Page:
The movie begins with Robin fighting alongside King Richard, the Lionheart at the fag end of the crusades when they are trying to take the Chalus Castle. Robin commits the mistake of speaking his mind out when asked to do so by the King, and in turn gets punished to be whipped. Luckily for him, the King gets killed in the battle before the actual punishment is handed out, providing Robin and his mates an opportunity to escape and find their own ways home. Fate puts them in a situation where the King’s knights are ambushed by Sir Godfrey and his French allies, and gives them control of the King’s Crown which needs to be taken back to London, as well as possession of the family sword of Sir Walter Loxley. Robin then decides to pretend to be Sir Robert Loxley carrying the crown back to England, as this is his easiest way to get back to England.
Back in England, at Nottingham, Lady Marion (Sir Robert Loxley’s wife) is struggling to keep the Loxley household running. She is plagued by problems such as high taxes to the crown, a lecherous Sheriff of Nottingham, and constant grain theft raids by the runaway children of the village. She however, is depicted as a fiesty character who knows well how to keep her wits about her, and manages to make ends meet with the limited means at her disposal. Robin’s arrival at Nottingham however, changes things at Nottingham. Sir Walter requests Robin to impersonate his son, in order to prevent the family lands from being taken over completely by the crown, and this puts him in the uncomfortable situation of playing Lady Marion’s husband.
In the meantime, Sir Godfrey, who all this while has secretly been plotting with King Philip of France, manages to secure the confidence of the new King of England, John, who gives him the authority to take a small group of men and collect long outstanding dues from all the barons to the North of England. Sir Godfrey has an agenda of his own in this regard. In the name of tax collections, he unleashes terror in these regions and effectively manages to get all the Northern barons to put together an army to march against King John.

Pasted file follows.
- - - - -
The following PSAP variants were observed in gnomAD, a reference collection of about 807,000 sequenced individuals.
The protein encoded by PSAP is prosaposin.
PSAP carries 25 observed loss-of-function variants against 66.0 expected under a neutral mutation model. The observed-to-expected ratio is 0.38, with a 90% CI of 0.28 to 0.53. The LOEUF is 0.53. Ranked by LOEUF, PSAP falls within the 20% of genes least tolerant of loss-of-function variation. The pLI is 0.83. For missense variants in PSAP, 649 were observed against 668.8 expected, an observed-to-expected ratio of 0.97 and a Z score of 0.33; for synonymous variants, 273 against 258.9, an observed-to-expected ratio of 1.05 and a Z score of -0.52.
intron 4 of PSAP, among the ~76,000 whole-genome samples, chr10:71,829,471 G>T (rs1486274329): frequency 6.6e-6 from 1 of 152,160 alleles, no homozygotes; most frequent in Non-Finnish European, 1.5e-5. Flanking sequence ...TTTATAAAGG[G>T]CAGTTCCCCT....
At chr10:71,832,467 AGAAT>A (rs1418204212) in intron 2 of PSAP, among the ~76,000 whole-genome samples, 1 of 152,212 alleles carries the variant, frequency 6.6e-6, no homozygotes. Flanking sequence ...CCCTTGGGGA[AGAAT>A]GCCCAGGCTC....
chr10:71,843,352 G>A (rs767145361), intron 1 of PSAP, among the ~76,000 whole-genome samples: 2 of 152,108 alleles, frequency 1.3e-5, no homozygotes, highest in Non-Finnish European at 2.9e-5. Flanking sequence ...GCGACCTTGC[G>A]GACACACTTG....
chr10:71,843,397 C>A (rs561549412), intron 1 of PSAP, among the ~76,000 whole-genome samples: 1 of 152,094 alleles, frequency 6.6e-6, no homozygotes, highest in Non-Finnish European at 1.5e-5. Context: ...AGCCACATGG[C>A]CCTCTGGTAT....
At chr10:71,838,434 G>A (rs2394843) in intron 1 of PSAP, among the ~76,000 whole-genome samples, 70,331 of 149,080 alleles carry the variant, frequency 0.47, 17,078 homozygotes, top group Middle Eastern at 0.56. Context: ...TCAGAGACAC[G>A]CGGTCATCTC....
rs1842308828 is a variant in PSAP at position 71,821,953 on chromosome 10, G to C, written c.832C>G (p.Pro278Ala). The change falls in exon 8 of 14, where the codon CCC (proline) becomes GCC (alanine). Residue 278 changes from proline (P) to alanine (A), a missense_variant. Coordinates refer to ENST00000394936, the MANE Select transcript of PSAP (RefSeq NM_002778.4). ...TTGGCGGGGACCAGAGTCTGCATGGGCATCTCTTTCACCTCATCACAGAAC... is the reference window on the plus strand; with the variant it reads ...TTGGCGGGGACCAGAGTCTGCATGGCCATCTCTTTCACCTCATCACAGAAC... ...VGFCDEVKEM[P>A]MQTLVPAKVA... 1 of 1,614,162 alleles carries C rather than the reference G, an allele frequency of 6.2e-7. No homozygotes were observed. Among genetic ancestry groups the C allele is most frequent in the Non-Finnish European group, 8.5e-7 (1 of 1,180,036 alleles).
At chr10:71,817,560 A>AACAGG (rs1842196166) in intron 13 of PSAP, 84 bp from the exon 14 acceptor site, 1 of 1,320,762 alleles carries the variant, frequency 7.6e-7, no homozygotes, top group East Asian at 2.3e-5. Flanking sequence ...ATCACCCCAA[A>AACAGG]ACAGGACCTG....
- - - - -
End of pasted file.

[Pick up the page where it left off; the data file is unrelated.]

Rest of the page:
How Robin gets caught up in this situation, how he learns about his father and childhood from Sir Walter, and whether they manage to thwart King Philip’s invasion of England makes up for the rivetting climax sequence of the movie. This sequence is a Ridley Scott battle sequence, and therefore, any words in this review really cannot do full justice to the cinematic excellence displayed on the screen.
What worked really well for the movie are the amazing chemistry between Russell Crowe and Cate Blanchett. Blanchett remains one of my all time favorite actors simply because of the depth she manages to put into each and every character she plays on screen. Whether she is enacting the role of Brad Pitt’s love interest as Daisy Fuller in ‘The Curious Case of Benjamin Button‘, or playing Katharine Hepburn in ‘The Aviator’, or an over-the-top character such as Irina Spalko in ‘Indiana Jones and the Kingdom of the Crystal Skull‘, Cate Blanchett manages to leave an indelible mark and impression on the minds of her viewers and fans. No wonder, she is one of the highest rated actors in Hollywood today. Robin Hood is no different and her portrayal of the fiesty Lady Marion is just another feather in her cap.
Russell Crowe and Ridley Scott work well together. And while some of the battle sequences of this movie remind you of ‘Gladiator’, the fact that this is a much darker movie, and deals with a more famous legend, makes this movie a worth watch. The sheer intensity that Crowe brings to the role, coupled with the large parts of grey that his character displays makes him the perfect casting coup for this role. Watch this movie if you like either of them, and you won’t be disappointed.